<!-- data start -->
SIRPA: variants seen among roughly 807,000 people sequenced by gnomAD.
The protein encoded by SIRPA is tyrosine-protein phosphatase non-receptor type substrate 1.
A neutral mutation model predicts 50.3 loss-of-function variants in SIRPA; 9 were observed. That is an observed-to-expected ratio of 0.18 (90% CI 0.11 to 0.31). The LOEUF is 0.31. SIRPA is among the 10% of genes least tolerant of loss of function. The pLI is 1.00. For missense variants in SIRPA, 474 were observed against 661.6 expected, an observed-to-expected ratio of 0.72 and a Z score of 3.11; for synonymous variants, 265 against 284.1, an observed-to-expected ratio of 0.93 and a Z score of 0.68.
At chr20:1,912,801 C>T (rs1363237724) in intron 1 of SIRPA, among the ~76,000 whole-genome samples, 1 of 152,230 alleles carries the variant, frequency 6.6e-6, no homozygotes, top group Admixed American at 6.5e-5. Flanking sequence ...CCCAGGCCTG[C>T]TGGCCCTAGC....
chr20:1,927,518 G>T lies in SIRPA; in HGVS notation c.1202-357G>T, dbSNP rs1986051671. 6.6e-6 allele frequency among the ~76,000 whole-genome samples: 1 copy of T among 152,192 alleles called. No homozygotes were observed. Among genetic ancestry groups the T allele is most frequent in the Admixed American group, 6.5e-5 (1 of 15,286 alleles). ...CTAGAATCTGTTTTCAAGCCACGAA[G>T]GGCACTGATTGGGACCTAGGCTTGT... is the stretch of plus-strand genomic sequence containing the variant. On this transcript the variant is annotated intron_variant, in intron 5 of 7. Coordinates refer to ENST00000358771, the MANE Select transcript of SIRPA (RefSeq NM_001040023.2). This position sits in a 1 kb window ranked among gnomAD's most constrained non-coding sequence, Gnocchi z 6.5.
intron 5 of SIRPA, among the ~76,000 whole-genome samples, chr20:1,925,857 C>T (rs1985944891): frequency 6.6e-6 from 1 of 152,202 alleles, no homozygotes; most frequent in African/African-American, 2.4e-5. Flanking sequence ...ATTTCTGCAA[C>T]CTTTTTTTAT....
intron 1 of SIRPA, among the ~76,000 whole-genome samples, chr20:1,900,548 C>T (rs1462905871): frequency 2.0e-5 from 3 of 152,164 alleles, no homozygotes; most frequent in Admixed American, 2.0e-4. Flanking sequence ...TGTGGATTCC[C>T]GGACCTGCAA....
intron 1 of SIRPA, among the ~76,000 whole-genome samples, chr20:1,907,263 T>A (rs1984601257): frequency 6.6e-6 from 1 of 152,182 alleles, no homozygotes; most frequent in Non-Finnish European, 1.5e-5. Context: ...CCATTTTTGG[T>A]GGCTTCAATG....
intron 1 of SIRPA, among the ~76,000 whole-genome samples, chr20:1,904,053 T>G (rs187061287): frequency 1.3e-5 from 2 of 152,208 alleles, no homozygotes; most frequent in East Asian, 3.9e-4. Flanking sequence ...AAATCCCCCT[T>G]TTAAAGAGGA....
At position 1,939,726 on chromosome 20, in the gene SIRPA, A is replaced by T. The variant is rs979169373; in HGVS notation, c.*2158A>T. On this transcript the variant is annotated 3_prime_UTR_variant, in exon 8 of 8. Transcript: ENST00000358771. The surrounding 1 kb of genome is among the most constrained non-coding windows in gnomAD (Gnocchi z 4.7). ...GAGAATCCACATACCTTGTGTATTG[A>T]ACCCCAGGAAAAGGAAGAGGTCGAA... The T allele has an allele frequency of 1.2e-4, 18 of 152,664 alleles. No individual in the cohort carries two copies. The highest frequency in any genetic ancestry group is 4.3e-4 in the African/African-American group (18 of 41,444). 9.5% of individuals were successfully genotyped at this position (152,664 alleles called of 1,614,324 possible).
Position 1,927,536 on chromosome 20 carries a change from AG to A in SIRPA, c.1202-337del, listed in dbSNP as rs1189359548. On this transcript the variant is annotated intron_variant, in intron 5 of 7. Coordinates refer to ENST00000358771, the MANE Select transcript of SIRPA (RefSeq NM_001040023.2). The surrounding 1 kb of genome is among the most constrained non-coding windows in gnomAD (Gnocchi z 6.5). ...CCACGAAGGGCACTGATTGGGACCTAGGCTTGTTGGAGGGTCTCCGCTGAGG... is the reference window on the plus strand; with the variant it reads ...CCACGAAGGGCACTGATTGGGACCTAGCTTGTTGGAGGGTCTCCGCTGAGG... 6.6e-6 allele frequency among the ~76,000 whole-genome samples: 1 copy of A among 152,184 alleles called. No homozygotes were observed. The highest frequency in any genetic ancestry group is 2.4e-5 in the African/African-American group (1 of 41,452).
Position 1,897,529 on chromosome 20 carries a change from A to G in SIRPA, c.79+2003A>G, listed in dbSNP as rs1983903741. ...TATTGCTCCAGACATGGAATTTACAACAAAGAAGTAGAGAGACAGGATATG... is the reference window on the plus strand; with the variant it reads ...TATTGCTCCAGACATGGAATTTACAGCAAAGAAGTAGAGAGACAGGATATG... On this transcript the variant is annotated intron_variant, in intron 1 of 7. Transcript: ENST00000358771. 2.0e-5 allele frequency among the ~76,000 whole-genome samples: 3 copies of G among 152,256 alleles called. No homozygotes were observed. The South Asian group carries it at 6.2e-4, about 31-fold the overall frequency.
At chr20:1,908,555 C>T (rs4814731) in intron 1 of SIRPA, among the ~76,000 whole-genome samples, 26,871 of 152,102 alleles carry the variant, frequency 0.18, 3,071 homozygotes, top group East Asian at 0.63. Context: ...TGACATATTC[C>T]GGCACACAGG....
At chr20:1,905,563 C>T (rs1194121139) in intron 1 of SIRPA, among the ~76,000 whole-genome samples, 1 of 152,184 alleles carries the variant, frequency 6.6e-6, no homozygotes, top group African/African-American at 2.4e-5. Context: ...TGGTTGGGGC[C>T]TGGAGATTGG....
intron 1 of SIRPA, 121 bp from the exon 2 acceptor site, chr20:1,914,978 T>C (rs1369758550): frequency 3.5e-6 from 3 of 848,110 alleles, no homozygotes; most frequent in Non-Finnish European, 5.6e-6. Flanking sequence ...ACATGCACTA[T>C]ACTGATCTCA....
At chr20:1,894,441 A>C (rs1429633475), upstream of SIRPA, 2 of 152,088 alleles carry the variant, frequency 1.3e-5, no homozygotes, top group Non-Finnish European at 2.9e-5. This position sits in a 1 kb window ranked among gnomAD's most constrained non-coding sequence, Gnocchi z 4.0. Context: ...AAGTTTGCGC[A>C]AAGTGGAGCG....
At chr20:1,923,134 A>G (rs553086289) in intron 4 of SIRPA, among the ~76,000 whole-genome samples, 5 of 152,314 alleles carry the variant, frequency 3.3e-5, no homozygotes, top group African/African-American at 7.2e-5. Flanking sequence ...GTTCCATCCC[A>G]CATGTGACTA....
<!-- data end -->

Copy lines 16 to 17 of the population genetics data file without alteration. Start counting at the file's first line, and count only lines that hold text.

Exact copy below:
At chr20:1,894,441 A>C (rs1429633475), upstream of SIRPA, 2 of 152,088 alleles carry the variant, frequency 1.3e-5, no homozygotes, top group Non-Finnish European at 2.9e-5. This position sits in a 1 kb window ranked among gnomAD's most constrained non-coding sequence, Gnocchi z 4.0. Context: ...AAGTTTGCGC[A>C]AAGTGGAGCG....
At chr20:1,923,134 A>G (rs553086289) in intron 4 of SIRPA, among the ~76,000 whole-genome samples, 5 of 152,314 alleles carry the variant, frequency 3.3e-5, no homozygotes, top group African/African-American at 7.2e-5. Flanking sequence ...GTTCCATCCC[A>G]CATGTGACTA....